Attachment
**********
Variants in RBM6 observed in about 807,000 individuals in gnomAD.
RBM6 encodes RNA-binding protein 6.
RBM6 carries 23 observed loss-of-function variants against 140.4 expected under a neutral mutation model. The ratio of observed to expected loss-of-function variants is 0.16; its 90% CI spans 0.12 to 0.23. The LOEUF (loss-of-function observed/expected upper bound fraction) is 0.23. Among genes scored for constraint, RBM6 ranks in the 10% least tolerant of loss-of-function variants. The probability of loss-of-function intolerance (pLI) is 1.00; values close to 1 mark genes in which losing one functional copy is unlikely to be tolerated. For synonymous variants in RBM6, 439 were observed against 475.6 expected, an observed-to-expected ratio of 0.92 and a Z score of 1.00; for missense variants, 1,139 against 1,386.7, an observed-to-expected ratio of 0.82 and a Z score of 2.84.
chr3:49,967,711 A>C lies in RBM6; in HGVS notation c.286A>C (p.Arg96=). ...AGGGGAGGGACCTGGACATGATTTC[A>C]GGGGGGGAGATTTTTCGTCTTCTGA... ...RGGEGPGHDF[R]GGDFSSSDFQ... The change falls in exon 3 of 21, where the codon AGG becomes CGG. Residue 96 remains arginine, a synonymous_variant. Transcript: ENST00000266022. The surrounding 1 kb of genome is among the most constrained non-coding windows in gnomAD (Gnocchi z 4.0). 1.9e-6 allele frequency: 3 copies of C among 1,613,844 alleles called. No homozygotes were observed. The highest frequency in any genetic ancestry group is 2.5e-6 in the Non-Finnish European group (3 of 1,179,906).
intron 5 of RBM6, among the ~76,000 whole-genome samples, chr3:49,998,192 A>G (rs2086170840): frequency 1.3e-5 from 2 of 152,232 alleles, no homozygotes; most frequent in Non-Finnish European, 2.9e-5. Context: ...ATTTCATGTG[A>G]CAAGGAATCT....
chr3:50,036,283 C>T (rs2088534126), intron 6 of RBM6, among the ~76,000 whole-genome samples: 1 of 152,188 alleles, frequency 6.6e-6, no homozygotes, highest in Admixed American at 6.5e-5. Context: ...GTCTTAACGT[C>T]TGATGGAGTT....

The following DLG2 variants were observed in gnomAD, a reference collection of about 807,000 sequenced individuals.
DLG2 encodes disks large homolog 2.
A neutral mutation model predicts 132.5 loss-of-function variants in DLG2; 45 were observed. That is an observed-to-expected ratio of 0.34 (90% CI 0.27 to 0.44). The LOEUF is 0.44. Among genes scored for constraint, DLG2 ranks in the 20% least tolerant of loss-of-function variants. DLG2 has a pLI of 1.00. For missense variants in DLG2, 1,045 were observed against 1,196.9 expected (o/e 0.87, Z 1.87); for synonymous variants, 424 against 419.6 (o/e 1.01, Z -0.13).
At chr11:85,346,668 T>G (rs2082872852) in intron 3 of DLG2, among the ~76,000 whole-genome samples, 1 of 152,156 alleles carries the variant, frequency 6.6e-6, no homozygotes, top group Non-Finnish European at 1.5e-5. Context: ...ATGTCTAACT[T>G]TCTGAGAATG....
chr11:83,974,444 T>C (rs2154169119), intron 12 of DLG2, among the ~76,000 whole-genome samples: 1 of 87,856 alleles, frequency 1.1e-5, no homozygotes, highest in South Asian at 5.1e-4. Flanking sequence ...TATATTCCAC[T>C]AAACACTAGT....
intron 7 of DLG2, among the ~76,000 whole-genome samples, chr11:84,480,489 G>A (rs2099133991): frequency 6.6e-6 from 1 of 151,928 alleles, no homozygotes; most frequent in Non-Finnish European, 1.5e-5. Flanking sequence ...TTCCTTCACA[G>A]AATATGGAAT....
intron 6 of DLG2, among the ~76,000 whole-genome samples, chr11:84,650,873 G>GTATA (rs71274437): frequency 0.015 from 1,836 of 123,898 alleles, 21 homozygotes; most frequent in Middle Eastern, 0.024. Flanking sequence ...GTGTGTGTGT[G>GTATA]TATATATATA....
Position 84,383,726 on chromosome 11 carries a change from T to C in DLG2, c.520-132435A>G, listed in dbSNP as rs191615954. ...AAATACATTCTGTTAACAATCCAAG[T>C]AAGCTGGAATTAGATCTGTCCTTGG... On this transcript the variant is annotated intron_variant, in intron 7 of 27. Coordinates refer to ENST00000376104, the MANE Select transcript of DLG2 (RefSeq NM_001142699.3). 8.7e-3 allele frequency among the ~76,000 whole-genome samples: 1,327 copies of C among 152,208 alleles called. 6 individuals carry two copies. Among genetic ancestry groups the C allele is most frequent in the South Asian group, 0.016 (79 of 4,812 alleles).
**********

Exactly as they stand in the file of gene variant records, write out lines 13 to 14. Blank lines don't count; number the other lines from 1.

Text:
intron 6 of DLG2, among the ~76,000 whole-genome samples, chr11:84,650,873 G>GTATA (rs71274437): frequency 0.015 from 1,836 of 123,898 alleles, 21 homozygotes; most frequent in Middle Eastern, 0.024. Flanking sequence ...GTGTGTGTGT[G>GTATA]TATATATATA....
Position 84,383,726 on chromosome 11 carries a change from T to C in DLG2, c.520-132435A>G, listed in dbSNP as rs191615954. ...AAATACATTCTGTTAACAATCCAAG[T>C]AAGCTGGAATTAGATCTGTCCTTGG... On this transcript the variant is annotated intron_variant, in intron 7 of 27. Coordinates refer to ENST00000376104, the MANE Select transcript of DLG2 (RefSeq NM_001142699.3). 8.7e-3 allele frequency among the ~76,000 whole-genome samples: 1,327 copies of C among 152,208 alleles called. 6 individuals carry two copies. Among genetic ancestry groups the C allele is most frequent in the South Asian group, 0.016 (79 of 4,812 alleles).